coffee equipment and coffee supplies

From Part-Time Barista To Making Coffee At Home: My Homebrewing Coffee Journey

A former barista and longtime coffee lover just now starting a homebrewing coffee journey? It’s more likely than you think.

Let’s take a few steps back. My priorities were already being shuffled around long before the pandemic stepped in and shook us for all our loose change. From moving to a new apartment to figuring out a career shift, my desire to have an omnipresent home cafe in the corner of my kitchen was a lovely dream, but just that. A distant dream of making coffee at home, constantly pushed onto the back burner and growing ever loftier with every new excuse. If I wanted to enjoy a good cup, there was always a great cafe (or three) just a walk away. I live in the heart of Washington: throw a stone.

These days it’s too risky to even go to the low-activity cafes or roasteries, on top of everyone’s wallets being burned out. Now that things are both more stable and entirely unstable for me, my love for coffee has been resuscitated beyond said coffeehouse trips (and endless poring through coffee industry reports). It’s time to save money in the long run and create a homebrewing coffee set-up, at my own pace and with my preferences front and center.

While living with my mother I’d bounced between using her little red Keurig and her French Press (buying specialty beans had also been low-priority). After I moved, my roommate also happened to have a Keurig on standby. One collecting dust, at that. I’d proceed to use it a few times a week with grocery store coffee staples like Peet’s and Signature Select, giving me another coveted taste of the homebrewing experience (as well as a reminder of why I don’t want to rely on unsustainable coffee pods in the future).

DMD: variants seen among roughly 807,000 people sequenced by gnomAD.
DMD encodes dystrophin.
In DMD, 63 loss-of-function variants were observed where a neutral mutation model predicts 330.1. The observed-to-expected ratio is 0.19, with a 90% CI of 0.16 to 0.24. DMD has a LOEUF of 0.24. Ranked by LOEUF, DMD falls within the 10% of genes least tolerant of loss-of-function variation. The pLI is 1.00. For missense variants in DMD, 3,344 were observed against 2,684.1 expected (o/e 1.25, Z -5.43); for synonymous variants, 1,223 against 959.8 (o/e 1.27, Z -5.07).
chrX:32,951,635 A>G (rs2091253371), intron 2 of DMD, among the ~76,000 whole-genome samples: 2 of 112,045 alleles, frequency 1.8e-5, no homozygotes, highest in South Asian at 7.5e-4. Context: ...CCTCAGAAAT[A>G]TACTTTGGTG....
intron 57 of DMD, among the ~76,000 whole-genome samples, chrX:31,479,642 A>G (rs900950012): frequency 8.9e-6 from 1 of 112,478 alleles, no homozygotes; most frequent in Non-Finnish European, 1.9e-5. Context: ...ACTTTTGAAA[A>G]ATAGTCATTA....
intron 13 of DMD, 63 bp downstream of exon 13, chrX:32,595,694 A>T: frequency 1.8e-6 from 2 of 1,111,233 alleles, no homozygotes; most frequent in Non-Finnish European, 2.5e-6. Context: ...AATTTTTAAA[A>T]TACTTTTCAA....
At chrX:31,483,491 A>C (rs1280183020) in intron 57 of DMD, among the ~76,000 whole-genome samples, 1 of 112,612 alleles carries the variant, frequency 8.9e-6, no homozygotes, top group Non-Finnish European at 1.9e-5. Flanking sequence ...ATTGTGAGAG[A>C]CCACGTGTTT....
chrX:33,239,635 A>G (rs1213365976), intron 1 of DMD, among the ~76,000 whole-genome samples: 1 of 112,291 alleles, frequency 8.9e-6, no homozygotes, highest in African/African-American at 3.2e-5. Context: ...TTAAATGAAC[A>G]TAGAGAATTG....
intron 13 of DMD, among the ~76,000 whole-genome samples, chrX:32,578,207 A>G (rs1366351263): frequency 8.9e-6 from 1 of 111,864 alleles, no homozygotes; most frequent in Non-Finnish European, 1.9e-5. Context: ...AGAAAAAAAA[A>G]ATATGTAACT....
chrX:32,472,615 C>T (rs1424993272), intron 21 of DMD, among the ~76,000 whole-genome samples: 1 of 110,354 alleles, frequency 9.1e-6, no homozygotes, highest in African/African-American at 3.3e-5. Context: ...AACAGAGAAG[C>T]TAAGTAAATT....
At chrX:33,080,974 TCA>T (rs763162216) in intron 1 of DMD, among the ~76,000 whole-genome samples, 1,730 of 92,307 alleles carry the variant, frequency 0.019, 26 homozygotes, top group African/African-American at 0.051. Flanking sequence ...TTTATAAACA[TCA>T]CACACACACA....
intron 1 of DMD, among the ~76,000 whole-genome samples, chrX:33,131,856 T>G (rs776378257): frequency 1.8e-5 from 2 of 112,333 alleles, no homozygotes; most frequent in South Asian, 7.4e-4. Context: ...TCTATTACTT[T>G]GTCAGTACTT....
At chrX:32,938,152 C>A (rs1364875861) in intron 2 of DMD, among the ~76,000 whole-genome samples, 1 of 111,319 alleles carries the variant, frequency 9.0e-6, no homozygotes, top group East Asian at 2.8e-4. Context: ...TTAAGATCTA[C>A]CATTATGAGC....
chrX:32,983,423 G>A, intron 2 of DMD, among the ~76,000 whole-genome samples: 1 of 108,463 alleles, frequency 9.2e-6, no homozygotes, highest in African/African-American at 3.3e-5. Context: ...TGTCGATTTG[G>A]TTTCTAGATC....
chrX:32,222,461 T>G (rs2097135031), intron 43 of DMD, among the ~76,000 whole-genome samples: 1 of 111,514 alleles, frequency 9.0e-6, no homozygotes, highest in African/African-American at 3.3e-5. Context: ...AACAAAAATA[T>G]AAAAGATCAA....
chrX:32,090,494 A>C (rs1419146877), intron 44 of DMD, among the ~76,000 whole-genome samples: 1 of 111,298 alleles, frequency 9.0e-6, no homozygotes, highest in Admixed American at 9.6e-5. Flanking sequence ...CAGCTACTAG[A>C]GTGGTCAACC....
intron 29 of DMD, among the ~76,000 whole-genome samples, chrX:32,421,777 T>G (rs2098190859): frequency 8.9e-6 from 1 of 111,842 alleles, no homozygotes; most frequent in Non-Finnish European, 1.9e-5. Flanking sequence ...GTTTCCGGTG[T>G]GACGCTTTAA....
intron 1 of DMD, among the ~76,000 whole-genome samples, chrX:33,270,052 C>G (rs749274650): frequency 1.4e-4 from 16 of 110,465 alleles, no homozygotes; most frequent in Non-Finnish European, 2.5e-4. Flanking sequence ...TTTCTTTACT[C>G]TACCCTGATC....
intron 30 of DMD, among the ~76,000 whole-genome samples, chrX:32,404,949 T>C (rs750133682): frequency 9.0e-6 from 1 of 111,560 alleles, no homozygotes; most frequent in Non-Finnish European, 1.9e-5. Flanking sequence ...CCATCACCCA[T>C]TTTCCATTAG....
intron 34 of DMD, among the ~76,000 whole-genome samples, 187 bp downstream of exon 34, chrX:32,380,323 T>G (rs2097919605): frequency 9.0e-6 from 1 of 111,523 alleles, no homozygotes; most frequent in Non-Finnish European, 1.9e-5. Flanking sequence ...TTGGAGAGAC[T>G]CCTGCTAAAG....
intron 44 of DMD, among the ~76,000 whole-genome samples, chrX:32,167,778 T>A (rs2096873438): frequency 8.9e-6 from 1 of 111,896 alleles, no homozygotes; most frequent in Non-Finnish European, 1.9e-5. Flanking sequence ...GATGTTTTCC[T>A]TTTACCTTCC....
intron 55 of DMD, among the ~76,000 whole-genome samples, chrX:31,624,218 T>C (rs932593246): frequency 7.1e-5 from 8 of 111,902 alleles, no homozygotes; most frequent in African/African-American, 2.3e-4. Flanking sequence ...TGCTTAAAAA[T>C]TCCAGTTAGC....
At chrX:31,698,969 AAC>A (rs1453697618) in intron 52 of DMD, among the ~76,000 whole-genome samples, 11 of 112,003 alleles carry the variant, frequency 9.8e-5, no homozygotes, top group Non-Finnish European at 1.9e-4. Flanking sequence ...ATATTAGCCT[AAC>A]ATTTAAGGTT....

One day my roommate was cleaning up the place and asked if I wanted to sell her Keurig, flicking on the lightbulb in my head that I have a prime opportunity to finally, at long last, upgrade.

Don’t let my procrastination turn you away: putting together your own coffee corner is a ton of fun. I’m going to share my homebrewing coffee journey in this ongoing series, from the equipment I’ve bought to the beans I’m grinding. I’ll also share recipes I’m trying out, homebrewing coffee resources and my thoughts on coffee culture. If you have a coffee set-up you’ve been thinking of starting, or just enjoy the thrill of the journey, read on.

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A Wealth Of History In Each Bean: The Depth Of Central America’s Coffee

The more I read about coffee, the more I need to learn. It’s not a pain point for me, but rather, a joy.

With every single country having a unique relationship with coffee, it only makes sense getting to the bottom of this bean is like trying to reach the deep ocean with the tips of your fingers. If you’re in the mood for an informative-yet-brisk read, this piece over on Vinepair takes a brief look at each coffee variety throughout Central America. This guide sheds light on the incredibly subtle flavor notes that can be cultivated (such as brown sugar and honey) to the astronomically high prices-per-pound, quite literally, only found in high places.

The sheer depth of detail that goes into cultivation is a lesson in patience. Some coffee varieties found mean competition in the mass market not even for their flavor notes, but for the fact they were more resistant to destructive rust. The Robusta variety, as such, might see more popularity in the future for being less delicate than the more coveted Arabica. You’ll never find me wagging a finger at someone for lacking cultural or technical coffee knowledge, because the very nature of this widespread and ancient drink means there’s always something new to discover.

And what fun it is.